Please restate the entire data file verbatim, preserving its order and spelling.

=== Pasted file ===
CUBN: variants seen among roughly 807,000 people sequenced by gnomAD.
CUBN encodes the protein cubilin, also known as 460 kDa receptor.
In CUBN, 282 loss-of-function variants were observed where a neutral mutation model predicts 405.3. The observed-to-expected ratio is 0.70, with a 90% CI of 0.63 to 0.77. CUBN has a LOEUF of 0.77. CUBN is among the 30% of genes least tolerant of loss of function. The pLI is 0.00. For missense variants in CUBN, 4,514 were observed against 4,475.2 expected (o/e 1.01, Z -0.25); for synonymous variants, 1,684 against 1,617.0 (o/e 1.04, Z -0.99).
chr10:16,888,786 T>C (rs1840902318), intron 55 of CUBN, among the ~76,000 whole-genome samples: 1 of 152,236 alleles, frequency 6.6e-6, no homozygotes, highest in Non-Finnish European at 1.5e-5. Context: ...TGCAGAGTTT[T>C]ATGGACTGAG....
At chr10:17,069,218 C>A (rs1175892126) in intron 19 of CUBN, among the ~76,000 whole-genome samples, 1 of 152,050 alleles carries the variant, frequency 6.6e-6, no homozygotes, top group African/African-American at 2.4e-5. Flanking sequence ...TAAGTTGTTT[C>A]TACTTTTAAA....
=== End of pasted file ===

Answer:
CUBN: variants seen among roughly 807,000 people sequenced by gnomAD.
CUBN encodes the protein cubilin, also known as 460 kDa receptor.
In CUBN, 282 loss-of-function variants were observed where a neutral mutation model predicts 405.3. The observed-to-expected ratio is 0.70, with a 90% CI of 0.63 to 0.77. CUBN has a LOEUF of 0.77. CUBN is among the 30% of genes least tolerant of loss of function. The pLI is 0.00. For missense variants in CUBN, 4,514 were observed against 4,475.2 expected (o/e 1.01, Z -0.25); for synonymous variants, 1,684 against 1,617.0 (o/e 1.04, Z -0.99).
chr10:16,888,786 T>C (rs1840902318), intron 55 of CUBN, among the ~76,000 whole-genome samples: 1 of 152,236 alleles, frequency 6.6e-6, no homozygotes, highest in Non-Finnish European at 1.5e-5. Context: ...TGCAGAGTTT[T>C]ATGGACTGAG....
At chr10:17,069,218 C>A (rs1175892126) in intron 19 of CUBN, among the ~76,000 whole-genome samples, 1 of 152,050 alleles carries the variant, frequency 6.6e-6, no homozygotes, top group African/African-American at 2.4e-5. Flanking sequence ...TAAGTTGTTT[C>A]TACTTTTAAA....